Ranching on the Grasslands: Miele Farms

I burst out laughing when Julie Miele told me how she got the cattle that started her ranch, Miele Farms.

She and her then-husband had bought a place out in the country. “He bought me some cows for my birthday,” she recounts.


I’ve heard a lot of stories about ranches, but Julie is the first person I ever met whose ranch started out with a gift.

It was the right gift. “It was the first time in my life I felt like I found something I was really good at,” she says of raising the cattle on her own ranch to her own standards.

Julie learned to raise cattle in a more commercial manner than she likes. Today she raises them on grass with no vaccines. The herd grazes a pasture and then moves to a new pasture when it’s time.

“We watch a lot of the growth cycles and the grass cycles. We don’t let them eat to the ground,” she explains. “For us, it’s all about watching the grass.” Her herd are grass fed and grass finished. “We want them to graze as much as possible.”

I wondered how she knows when they are ready to process and got an interesting answer.

“They’re done when they look done. We’re not a factory farm. It’s not an exact science. You have to be patient and flexible.”

Miele Farms Calf

“Who is ‘we’?”, I asked.

Julie and her children are the only people working this ranch. I sat back a moment in awe.

She forgot to mention Flat Stanley.

Miele Farms doesn’t just raise cattle. The family also raises pastured chicken, lamb and hogs.

The Mieles have three sows and a boar. They migrate down to the creek on her property to graze and play in the water. Even the 700 lb. boar plays in the creek, which must be quite a sight.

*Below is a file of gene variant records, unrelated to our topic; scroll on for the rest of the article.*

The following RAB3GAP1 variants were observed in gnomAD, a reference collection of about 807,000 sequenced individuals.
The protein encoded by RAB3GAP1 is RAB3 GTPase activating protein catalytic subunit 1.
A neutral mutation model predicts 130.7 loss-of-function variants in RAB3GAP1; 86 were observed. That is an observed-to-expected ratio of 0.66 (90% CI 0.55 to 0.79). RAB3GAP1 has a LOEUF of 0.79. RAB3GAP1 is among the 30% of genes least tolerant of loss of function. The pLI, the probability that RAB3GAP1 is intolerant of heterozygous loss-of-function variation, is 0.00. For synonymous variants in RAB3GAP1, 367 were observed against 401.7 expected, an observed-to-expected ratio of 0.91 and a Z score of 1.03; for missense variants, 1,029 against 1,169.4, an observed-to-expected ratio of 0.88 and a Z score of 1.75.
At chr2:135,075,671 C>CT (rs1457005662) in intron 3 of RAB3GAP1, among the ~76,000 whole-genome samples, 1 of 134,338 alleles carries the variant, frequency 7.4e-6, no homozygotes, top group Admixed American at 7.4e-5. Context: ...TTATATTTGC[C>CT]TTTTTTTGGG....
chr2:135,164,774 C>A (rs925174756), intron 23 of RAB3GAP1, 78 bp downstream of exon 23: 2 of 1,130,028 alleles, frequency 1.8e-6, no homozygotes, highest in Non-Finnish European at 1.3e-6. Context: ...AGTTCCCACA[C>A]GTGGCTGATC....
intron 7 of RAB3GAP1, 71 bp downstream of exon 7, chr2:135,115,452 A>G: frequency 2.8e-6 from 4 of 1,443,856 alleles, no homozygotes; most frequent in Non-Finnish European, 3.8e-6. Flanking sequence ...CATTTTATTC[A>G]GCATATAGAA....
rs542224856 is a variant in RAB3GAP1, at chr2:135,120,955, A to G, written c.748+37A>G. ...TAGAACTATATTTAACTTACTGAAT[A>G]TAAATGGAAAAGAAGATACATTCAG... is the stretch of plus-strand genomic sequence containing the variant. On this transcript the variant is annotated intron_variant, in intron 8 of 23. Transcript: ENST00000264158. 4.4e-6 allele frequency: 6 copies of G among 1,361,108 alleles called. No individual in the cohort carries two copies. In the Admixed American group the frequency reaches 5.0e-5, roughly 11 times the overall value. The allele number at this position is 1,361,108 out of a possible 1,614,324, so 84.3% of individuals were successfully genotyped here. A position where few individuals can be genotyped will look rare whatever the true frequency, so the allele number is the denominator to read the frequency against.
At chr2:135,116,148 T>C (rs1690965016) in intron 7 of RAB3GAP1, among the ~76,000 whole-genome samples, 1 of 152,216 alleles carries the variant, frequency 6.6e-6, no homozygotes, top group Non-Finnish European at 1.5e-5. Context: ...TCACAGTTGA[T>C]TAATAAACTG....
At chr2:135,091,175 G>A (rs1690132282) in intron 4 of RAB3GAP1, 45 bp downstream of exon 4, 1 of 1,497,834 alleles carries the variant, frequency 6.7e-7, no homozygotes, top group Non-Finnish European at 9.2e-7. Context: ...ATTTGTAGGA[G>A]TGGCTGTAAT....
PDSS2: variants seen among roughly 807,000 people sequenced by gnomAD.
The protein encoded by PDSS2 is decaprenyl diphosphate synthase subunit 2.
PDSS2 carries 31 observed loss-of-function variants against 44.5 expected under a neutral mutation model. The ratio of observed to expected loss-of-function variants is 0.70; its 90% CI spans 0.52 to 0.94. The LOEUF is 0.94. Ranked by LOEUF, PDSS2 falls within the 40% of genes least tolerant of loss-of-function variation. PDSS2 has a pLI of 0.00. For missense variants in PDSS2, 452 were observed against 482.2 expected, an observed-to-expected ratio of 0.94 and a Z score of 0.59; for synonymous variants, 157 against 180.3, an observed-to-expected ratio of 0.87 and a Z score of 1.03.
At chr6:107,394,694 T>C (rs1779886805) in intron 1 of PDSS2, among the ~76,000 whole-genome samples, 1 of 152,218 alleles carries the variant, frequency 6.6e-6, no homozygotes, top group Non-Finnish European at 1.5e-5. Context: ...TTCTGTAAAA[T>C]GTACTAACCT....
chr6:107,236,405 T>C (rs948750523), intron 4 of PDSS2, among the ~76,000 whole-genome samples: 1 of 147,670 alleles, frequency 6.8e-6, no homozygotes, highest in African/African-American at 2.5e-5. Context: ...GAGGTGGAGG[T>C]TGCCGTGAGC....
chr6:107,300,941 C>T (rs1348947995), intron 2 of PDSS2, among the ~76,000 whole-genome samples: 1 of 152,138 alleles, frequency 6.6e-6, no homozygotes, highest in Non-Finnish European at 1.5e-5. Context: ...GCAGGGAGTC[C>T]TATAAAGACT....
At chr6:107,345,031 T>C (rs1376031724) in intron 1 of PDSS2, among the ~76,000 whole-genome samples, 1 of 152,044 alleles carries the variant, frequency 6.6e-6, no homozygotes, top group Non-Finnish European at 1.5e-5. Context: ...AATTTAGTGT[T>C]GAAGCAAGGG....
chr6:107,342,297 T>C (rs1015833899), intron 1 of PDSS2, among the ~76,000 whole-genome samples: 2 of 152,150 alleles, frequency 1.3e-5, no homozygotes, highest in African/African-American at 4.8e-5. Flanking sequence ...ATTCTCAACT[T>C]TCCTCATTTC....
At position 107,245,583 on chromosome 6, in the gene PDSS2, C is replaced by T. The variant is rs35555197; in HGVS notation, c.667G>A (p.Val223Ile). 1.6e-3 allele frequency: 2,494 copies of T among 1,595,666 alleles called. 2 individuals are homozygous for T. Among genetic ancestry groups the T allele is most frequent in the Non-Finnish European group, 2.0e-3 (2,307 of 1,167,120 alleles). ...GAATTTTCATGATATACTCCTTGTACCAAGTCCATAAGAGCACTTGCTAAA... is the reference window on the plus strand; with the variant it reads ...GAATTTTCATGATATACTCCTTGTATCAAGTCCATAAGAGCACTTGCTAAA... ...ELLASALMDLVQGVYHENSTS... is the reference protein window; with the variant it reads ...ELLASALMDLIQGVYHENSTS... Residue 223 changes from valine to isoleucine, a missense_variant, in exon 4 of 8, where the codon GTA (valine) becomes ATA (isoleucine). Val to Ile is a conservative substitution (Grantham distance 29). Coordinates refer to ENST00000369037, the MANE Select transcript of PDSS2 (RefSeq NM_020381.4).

The other animals run and play on their pastures too. Sometimes the family will witness a calf playing with its mother.

“Nothing is better for me than seeing animals being happy and living out their lives. I feel very honored.”

Are you as struck as I was by Julie’s acceptance of the cycle of life? People often put some emotional distance between themselves and the animals that will be processed for food. Farming and ranching are vocations that put a person in direct contact with the mysteries of life and death, and it’s a bit much for most of us.

We name the laying hens, but not the meat birds. We watch the cattle in awe, but we try not to develop close relationships with them.

Julie somehow dispenses with all that. She gives the animals names, honoring the individuality of each one. It occurs to me that it takes pretty awesome strength to show that kind of humility. She doesn’t try to remake the cycle of life by pretending those animals are simply commodities or by pretending that being alive doesn’t require reliance on others.

“I know I have given them the best life possible. I know they’re happy and every day that they were here, they were happy,” she responds when I ask her how she does this.

Are you familiar with that part of the Bible where Rebecca asks about the babies who are already fighting in her womb, “If this is the case, why do I even exist?”

Julie answers that question every day. We exist because we have the power to spread the light of kindness, even in the dark places.

Note to the FTC: Julie tried to give me three broiler chickens to eat, but I thought that was too big of a gift. These are hand-raised, hand-processed pastured chickens and they were delicious! You’ll see some ads for Miele Farms in the Hungry Chicken Homestead newsletter as a trade.


copyright 2016 Hungry Chicken Homestead

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